In the early days of ocean acidification research, experiments were simple, says benthic ecologist Jim Barry. Some involved plopping fish into containers of high-carbon seawater. This sort of lab test allowed researchers to observe animals’ physiological responses to our ocean’s changing chemistry.
These days, many studies attempt to address the more difficult question of how acidification and ocean warming might affect interconnected marine species. “What you can’t learn from tests of fish in a jar,” Barry says, “is how climate change affects the way energy moves through a food web.”
That line of inquiry may start in the pages of scientific journals, but it leads somewhere more intimate: our dinner plates.
The ruby-red slice of maguro presented on a piece of nigiri sushi does nothing to convey the sheer power of Pacific bluefin tuna. These top ocean predators can grow to be twice the size of lions; at top swimming speed, they’re faster than gazelles. But it’s been a huge challenge to halt the decline of these incredible fish.
Monterey Bay Aquarium has long advocated for use of the best available science to inform management decisions that can bring the Pacific bluefin population back to a healthy level. Now researchers at the Aquarium, together with colleagues from Harvard University and the National Museum of National History, have identified new evidence of migration trends that underscore the need for comprehensive fishing restrictions and enforcement across the Pacific—especially in the Western Pacific, where all Pacific bluefin spawn, and where most of the fish are caught.
The source of spawning-age fish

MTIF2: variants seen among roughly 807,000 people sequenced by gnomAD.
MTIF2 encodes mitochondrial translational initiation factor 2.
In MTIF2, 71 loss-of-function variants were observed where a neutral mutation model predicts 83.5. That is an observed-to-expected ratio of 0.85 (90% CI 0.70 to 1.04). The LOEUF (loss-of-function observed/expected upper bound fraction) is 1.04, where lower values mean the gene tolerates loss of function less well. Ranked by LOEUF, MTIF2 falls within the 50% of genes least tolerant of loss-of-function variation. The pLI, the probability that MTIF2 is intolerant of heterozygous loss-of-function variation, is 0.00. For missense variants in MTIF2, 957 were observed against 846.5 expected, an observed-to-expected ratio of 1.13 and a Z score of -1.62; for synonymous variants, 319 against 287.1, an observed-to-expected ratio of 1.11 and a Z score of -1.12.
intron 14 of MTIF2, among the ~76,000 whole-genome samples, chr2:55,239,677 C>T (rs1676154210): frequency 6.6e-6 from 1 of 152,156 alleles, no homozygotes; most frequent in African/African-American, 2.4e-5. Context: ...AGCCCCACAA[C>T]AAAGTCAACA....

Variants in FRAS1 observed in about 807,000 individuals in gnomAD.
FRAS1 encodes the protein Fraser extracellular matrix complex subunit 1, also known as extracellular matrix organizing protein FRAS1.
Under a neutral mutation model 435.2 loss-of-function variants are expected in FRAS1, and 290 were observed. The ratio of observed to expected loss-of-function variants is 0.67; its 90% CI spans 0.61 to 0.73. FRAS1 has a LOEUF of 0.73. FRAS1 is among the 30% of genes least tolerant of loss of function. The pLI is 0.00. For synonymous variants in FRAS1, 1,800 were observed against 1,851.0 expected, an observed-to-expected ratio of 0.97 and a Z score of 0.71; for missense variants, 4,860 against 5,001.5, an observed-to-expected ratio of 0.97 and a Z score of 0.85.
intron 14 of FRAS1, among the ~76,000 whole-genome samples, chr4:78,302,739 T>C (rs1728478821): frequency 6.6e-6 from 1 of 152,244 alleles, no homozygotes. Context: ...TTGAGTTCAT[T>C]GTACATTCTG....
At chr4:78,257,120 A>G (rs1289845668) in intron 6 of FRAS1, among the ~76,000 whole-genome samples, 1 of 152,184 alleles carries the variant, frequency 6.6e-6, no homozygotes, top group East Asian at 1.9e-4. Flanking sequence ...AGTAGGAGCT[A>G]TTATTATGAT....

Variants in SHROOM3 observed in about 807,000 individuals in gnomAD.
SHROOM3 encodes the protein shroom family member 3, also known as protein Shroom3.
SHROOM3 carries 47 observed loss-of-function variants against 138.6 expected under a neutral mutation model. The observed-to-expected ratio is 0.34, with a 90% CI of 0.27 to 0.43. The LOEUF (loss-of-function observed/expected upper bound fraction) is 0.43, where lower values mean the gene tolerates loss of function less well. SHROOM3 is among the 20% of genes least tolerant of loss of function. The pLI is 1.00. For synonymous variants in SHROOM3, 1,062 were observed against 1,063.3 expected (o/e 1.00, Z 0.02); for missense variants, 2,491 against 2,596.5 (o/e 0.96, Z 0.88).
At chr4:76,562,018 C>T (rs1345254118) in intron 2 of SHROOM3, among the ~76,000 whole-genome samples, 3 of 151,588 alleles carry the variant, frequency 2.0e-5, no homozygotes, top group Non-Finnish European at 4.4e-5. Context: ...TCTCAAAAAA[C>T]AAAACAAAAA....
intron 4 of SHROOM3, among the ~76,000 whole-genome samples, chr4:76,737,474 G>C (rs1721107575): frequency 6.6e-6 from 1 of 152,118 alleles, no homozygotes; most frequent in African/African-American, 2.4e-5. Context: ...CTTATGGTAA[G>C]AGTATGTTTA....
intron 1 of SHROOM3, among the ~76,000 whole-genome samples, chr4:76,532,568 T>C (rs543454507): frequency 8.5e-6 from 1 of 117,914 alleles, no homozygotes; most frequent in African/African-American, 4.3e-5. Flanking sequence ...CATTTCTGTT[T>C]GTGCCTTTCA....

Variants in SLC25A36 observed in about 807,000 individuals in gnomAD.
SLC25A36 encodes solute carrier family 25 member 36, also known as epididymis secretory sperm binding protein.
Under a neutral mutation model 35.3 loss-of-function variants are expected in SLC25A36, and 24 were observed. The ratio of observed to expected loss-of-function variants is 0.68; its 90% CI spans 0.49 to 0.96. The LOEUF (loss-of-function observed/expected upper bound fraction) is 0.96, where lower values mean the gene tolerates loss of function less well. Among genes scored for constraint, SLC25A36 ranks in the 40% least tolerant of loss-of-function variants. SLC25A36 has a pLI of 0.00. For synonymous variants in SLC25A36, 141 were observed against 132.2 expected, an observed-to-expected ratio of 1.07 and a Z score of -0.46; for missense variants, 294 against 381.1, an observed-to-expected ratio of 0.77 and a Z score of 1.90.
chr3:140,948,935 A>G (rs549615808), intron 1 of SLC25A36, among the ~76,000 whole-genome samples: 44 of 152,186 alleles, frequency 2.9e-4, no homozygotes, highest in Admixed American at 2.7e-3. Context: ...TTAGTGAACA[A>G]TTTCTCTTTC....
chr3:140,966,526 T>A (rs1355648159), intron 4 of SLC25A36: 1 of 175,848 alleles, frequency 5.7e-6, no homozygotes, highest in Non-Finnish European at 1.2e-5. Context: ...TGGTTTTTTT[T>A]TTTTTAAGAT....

The analysis, published in Science magazine, concludes that—in many years—the majority of spawning-age bluefin tuna in the Western Pacific are migrants who left the waters off Japan when they were just one to two years old, and spent the next four to six years on rich feeding grounds off the coasts of California and Mexico, before returning to the Western Pacific.
If too many of the young fish are caught in the Western Pacific before they can make the migration east, there won’t be enough returning fish years later to maintain or recover the already-depleted population.
And if fishing pressure is too great in the Eastern Pacific, the fish won’t survive to make the migration back to their spawning grounds near Japan.
“These fish were passing through two gauntlets, in the west and in the east, before they had a chance to spawn,” said Dr. Andre Boustany, the Nereus Principal Fisheries Investigator for the Aquarium. “Many fish have to pass through both the Western and Eastern Pacific Ocean. So by taking too many of them out in both locations, we end up with a severely depleted population.